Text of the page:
Through the Looking Glass
The Akwamu: the beginning of the end of Danish colonial power
Denmark prospered in the West Indies in the 17th and 18th centuries, but in the end it was the wrong kind of slave that precipitated its downfall
The Danes arrived a little late to the colonial party in the West Indies during European expansion into the Americas, and by the time they first settled on the Caribbean island of St Thomas in early 1672, many European nations had booming trades on nearby islands and in North American colonies.
These pre-existing economies facilitated Danish growth in the area by virtue of the well-known ‘Triangle Trade’ – the route of cargo from America to Europe, Europe to Africa, and from Africa back to the Americas. While commodities such as sugar and cotton were sent to Europe for profit, it was the cargo that came west that drove the entire venture: slaves.
The first Danish mission to the colonies was an arduous one, leaving just 29 survivors to settle on the island of St Thomas. A year after its establishment, the first ship bearing African ‘cargo’ arrived, bringing 103 slaves to the colony and immediately establishing a slave-majority population.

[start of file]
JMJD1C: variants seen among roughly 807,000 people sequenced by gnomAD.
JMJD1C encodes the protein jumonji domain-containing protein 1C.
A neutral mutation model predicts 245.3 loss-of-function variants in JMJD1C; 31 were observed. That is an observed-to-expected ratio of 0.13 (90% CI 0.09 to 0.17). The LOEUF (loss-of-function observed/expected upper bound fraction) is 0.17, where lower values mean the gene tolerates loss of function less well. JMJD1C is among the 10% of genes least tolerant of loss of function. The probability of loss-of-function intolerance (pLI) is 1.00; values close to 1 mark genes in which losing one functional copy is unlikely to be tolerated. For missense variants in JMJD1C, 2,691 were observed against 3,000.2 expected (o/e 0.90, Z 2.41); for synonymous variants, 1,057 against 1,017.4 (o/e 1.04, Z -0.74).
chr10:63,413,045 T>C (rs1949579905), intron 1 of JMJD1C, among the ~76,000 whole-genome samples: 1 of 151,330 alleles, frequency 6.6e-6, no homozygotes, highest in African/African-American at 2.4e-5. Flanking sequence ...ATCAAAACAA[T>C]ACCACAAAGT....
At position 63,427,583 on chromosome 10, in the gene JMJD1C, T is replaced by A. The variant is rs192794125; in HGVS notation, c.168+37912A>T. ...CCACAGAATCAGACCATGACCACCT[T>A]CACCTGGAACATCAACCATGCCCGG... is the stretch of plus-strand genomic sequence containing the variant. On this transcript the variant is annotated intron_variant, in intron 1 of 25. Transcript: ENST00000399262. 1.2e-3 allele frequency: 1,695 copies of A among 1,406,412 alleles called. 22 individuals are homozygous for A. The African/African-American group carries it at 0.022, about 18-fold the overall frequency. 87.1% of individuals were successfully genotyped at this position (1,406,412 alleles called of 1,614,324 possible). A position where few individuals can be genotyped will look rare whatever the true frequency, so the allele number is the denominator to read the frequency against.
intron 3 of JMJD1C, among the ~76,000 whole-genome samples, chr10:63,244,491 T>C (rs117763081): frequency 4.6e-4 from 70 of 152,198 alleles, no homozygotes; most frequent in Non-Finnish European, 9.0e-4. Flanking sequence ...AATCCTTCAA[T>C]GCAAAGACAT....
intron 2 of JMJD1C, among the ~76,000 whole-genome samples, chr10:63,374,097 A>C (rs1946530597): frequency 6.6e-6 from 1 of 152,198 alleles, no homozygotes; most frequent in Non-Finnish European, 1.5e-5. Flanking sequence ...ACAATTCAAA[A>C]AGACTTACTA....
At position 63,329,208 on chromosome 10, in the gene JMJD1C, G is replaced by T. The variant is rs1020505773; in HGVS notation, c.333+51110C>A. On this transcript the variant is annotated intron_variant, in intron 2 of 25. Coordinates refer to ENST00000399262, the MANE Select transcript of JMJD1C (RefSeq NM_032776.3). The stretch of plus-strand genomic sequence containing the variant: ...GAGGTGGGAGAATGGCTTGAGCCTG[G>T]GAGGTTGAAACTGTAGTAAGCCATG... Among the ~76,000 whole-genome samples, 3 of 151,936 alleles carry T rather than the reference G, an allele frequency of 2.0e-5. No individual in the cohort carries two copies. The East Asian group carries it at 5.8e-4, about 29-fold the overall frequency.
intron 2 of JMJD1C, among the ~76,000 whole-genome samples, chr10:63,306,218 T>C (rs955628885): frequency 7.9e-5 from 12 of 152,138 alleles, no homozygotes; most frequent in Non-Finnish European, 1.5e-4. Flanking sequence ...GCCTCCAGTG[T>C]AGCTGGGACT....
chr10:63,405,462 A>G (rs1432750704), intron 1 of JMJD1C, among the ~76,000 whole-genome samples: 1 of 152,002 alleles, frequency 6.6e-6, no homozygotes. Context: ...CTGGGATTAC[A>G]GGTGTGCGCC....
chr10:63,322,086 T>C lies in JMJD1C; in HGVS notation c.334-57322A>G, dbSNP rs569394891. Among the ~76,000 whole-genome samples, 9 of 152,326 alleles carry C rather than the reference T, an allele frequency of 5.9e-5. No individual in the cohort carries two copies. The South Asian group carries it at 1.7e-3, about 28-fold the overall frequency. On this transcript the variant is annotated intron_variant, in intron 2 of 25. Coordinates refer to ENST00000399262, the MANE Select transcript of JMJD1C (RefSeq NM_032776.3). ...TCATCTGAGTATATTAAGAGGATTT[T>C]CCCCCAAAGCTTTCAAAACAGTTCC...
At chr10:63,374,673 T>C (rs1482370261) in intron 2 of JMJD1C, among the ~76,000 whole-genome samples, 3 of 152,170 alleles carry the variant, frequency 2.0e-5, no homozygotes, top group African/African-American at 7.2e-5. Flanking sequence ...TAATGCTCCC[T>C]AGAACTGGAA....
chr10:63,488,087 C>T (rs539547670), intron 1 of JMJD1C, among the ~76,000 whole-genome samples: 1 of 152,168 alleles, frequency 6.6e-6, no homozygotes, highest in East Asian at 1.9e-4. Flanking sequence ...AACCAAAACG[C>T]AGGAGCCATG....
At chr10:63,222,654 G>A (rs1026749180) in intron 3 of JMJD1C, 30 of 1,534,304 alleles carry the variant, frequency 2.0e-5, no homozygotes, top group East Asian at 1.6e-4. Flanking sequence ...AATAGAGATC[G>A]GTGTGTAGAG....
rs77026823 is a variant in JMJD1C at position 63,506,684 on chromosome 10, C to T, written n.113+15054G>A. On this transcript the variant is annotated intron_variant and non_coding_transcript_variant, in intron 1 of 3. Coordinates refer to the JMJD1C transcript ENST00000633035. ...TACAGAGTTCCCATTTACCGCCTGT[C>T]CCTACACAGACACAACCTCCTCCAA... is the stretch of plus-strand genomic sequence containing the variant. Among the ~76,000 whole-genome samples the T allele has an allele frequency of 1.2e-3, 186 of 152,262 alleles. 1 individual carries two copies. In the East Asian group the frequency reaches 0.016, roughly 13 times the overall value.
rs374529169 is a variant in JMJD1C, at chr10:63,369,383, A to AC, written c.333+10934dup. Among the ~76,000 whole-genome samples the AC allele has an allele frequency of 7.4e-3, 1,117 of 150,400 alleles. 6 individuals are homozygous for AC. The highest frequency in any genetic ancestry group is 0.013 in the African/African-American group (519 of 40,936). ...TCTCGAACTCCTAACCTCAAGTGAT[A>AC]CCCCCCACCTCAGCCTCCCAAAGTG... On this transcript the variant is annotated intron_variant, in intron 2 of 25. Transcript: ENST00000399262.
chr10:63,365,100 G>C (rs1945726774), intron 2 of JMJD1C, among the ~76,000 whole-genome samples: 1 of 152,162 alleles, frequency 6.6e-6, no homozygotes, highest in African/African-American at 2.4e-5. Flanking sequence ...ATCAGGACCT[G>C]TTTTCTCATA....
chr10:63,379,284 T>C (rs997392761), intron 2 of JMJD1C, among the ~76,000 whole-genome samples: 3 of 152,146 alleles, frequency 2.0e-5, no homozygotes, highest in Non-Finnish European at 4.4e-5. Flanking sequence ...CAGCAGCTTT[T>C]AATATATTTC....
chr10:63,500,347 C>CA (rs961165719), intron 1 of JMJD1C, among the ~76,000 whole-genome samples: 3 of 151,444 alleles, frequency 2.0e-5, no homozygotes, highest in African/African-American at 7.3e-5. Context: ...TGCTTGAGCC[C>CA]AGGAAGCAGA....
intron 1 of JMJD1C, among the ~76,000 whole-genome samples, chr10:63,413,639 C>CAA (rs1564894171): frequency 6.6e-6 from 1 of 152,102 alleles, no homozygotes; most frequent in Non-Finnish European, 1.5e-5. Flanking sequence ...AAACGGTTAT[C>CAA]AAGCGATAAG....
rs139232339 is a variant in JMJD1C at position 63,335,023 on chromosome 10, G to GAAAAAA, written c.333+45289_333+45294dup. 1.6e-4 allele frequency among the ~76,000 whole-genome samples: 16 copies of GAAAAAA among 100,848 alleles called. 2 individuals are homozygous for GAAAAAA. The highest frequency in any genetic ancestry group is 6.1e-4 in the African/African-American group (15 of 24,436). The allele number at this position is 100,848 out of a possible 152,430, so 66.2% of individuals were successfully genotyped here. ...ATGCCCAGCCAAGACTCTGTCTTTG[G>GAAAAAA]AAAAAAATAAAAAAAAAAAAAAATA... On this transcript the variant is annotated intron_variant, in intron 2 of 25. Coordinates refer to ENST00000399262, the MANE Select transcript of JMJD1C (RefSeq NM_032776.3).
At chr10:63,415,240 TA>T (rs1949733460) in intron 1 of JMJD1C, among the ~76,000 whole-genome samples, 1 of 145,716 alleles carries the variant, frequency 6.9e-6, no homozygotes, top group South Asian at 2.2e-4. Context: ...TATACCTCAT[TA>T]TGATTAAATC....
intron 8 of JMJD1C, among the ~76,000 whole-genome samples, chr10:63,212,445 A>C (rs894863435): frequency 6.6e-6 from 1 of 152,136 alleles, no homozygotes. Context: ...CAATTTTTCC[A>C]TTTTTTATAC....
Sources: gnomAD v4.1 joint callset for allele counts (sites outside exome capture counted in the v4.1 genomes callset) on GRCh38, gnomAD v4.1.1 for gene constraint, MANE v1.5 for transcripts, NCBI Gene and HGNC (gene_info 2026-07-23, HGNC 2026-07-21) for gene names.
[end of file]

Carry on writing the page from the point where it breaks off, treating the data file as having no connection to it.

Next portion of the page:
As St Thomas developed into a prospering economy thanks to the labour of the slaves, producing sugar, cotton, indigo and tobacco, the Danish West India and Guinea Company laid claim to the island of St John in 1684, expanding their colonial presence. But that didn’t necessarily mean more Danish settlers: in 1688, 338 white inhabitants populated St Thomas along with 392 slaves.
In 1724, when St Thomas opened its harbour to ships flying the flags of most western European countries, the Danish economy and the slave population that drove it reached a new high. On St Thomas in 1725, there were 4,490 slaves and only 324 white inhabitants. The island of St John had a similarly disproportionate number of slaves to non-slaves. In 1733, it’s estimated that the island had nearly 1,100 slaves and only 200 non-slaves.
The Danish colonies imported their slaves from just one place: Accra, a port town along the southern Guinean coast in modern-day Ghana. When the Danes first entered the slave trade in 1657, the port was owned and operated by the Accra tribe. The Accra tribe used another tribe, the Akwamu, to facilitate the flow of merchandise to the port from inland Africa through trails in the forests and jungles. It was an arrangement that was ultimately going to prove costly for Danish operations.
The Akwamu, notoriously skilled warriors, demanded a part of the profit being made by the Accra tribe as an allowance for passage through their tribe’s territory. When they were denied, they allied with the Accra’s neighbouring tribes and eventually led a successful attack in 1677, conquering the Accra tribe and becoming the dominant tribe in Accra and along the ‘slave coast’ of Africa.